Posted in DefaultTag on Nov 29th, 2016
Does the transcription factor FOXO3a regulate BNIP3 gene expression in the heart? In this podcast, Associate Editor Ajay Shah (King’s College London) interviews lead author Antoine Chaanine (Mayo Clinic) and content expert Christoph Maack (Universitatsklinikum des Saarlandes) about the new work by Chaanine and co-authors exploring whether FOXO3a plays a role in mitochondrial dysfunction and myocardial remodeling via BNIP3. Looking at both myocytes and in vivo responses, the authors focus on the microdomain between the sarcoplasmic reticulum and the mitochondria, as well as the intricate balance of SR calcium release and mitochondrial calcium uptake. Is the FOXO3a-BNIP3 pathway involved in diastolic dysfunction in heart failure, or is the primary effect on adverse myocardial remodeling which in turn affects end-diastolic function? Listen to find out.
Antoine Heni Chaanine, Erik Kohlbrenner, Scott I. Gamb, Adam J. Guenzel, Katherine A. Klaus, Ahmed U. Fayyaz, K Sreekumaran Nair, Roger J. Hajjar, Margaret M. Redfield FOXO3a Regulates BNIP3 and Modulates Mitochondrial Calcium, Dynamics and Function in Cardiac Stress Am J Physiol Heart Circ Physiol, published September 30, 2016. DOI: 10.1152/ajpheart.00549.2016
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Posted in DefaultTag on Nov 14th, 2016
Can increasing heart rate in patients with heart failure with preserved ejection fraction (HFpEF) improve outcomes? Yes, according to the new study by Klein et al. In this podcast Associate Editor Fabio Recchia (Temple University Lewis Katz School of Medicine, and Scuola Superiore Sant'Anna, Pisa, Italy) interviews lead author Markus Meyer (University of Vermont College of Medicine) and content expert Jonathan Kirk (Loyola University Chicago) about the work by Meyer and co-authors, which challenges the “canonical thought” of heart pacing in HFpEF patients. Using a large animal model of HFpEF, and taking key inspiration from a unique bedside-to-bench experience, Meyer and colleagues found that two weeks of cardiac pacing at a fixed rate 30 beats per minute above spontaneous heart rate in pigs resulted in slightly increased heart chamber volumes, but reduced left ventricular wall thickness, decreased myocardial fibrosis, and improved diastolic compliance. Does this approach improve left ventricular response to stress? Listen and learn.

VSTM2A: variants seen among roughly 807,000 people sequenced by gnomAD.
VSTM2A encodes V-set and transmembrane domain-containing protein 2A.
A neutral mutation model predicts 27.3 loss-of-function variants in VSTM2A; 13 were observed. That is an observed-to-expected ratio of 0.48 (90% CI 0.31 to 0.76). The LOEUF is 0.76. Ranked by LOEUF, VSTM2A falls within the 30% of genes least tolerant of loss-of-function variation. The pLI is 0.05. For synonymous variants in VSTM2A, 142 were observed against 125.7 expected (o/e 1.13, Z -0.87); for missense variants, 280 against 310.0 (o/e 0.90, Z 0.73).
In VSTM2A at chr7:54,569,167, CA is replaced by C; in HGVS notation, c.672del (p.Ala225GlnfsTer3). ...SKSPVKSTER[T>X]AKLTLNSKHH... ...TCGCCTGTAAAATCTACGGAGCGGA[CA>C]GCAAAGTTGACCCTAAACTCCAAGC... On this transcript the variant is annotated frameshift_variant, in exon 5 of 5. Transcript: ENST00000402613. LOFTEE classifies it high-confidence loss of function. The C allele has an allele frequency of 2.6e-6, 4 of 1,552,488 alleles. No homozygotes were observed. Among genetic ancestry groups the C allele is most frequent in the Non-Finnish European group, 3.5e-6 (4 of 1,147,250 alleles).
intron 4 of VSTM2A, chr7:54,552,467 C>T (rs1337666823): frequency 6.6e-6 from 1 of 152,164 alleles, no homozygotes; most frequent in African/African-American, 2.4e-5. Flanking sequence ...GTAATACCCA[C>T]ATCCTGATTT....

Franziska J. Klein, Stephen Bell, K. Elisabeth Runte, Robert Lobel, Takamuru Ashikaga, Lilach O. Lerman, Martin M. LeWinter, Markus Meyer Heart rate-induced modifications of concentric left ventricular hypertrophy: exploration of a novel therapeutic concept Am J Physiol Heart Circ Physiol, published October 1, 2016. DOI: 10.1152/ajpheart.00301.2016
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Posted in DefaultTag on Nov 1st, 2016
Why is the post- myocardial infarction micro environment of the heart so hostile for cardiac stem cells? In this podcast, Deputy Editor Merry Lindsey (University of Mississippi Medical Center) interviews lead author Sumanth Prabhu (University of Alabama at Birmingham) and content expert Richard Gumina (Vanderbilt University) about the work by Hamid et al, which determined that tumor necrosis factor (TNF) signaling inhibits endogenous cardiac stem cell repair and blunts stem cell treatment efficacy in human heart failure. What relationship did Prabhu and co-authors uncover between TNF-alpha and adrenergic activation? How did the authors manage the biological variability of primary stem cell isolates in their technically nuanced study? Finally, if “timing is everything” holds true, does this study provide a clinical translation roadmap for timing TNF receptor blockade post-MI? Listen to learn more.
Tariq Hamid, Yuanyuan Xu, Mohamed Ameen Ismahil, Qianhong Li, Steven P. Jones, Aruni Bhatnagar, Roberto Bolli, Sumanth D. Prabhu TNF receptor signaling inhibits cardiomyogenic differentiation of cardiac stem cells and promotes a neuroadrenergic-like fate Am J Physiol Heart Circ Physiol, published November 1, 2016. DOI: 10.1152/ajpheart.00904.2015
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